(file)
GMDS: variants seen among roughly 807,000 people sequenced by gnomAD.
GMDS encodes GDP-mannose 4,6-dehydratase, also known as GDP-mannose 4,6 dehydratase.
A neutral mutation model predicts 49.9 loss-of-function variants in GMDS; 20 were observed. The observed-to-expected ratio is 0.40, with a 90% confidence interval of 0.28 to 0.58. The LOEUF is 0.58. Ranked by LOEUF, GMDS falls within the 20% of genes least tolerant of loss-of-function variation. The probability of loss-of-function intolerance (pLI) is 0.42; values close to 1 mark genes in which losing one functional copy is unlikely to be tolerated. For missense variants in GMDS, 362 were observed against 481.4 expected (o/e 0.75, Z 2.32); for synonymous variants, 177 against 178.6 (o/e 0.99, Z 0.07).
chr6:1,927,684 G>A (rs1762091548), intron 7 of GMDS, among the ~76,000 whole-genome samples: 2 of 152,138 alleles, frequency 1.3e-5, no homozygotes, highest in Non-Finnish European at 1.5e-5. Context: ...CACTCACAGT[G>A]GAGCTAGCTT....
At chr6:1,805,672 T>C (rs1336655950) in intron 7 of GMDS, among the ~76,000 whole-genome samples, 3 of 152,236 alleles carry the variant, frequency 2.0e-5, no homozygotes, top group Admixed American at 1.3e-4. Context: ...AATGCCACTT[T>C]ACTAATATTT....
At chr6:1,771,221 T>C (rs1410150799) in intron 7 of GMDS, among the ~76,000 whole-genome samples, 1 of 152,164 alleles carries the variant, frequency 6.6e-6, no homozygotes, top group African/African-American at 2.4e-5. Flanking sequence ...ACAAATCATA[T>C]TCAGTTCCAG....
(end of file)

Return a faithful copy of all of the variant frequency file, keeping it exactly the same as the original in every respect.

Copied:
GMDS: variants seen among roughly 807,000 people sequenced by gnomAD.
GMDS encodes GDP-mannose 4,6-dehydratase, also known as GDP-mannose 4,6 dehydratase.
A neutral mutation model predicts 49.9 loss-of-function variants in GMDS; 20 were observed. The observed-to-expected ratio is 0.40, with a 90% confidence interval of 0.28 to 0.58. The LOEUF is 0.58. Ranked by LOEUF, GMDS falls within the 20% of genes least tolerant of loss-of-function variation. The probability of loss-of-function intolerance (pLI) is 0.42; values close to 1 mark genes in which losing one functional copy is unlikely to be tolerated. For missense variants in GMDS, 362 were observed against 481.4 expected (o/e 0.75, Z 2.32); for synonymous variants, 177 against 178.6 (o/e 0.99, Z 0.07).
chr6:1,927,684 G>A (rs1762091548), intron 7 of GMDS, among the ~76,000 whole-genome samples: 2 of 152,138 alleles, frequency 1.3e-5, no homozygotes, highest in Non-Finnish European at 1.5e-5. Context: ...CACTCACAGT[G>A]GAGCTAGCTT....
At chr6:1,805,672 T>C (rs1336655950) in intron 7 of GMDS, among the ~76,000 whole-genome samples, 3 of 152,236 alleles carry the variant, frequency 2.0e-5, no homozygotes, top group Admixed American at 1.3e-4. Context: ...AATGCCACTT[T>C]ACTAATATTT....
At chr6:1,771,221 T>C (rs1410150799) in intron 7 of GMDS, among the ~76,000 whole-genome samples, 1 of 152,164 alleles carries the variant, frequency 6.6e-6, no homozygotes, top group African/African-American at 2.4e-5. Flanking sequence ...ACAAATCATA[T>C]TCAGTTCCAG....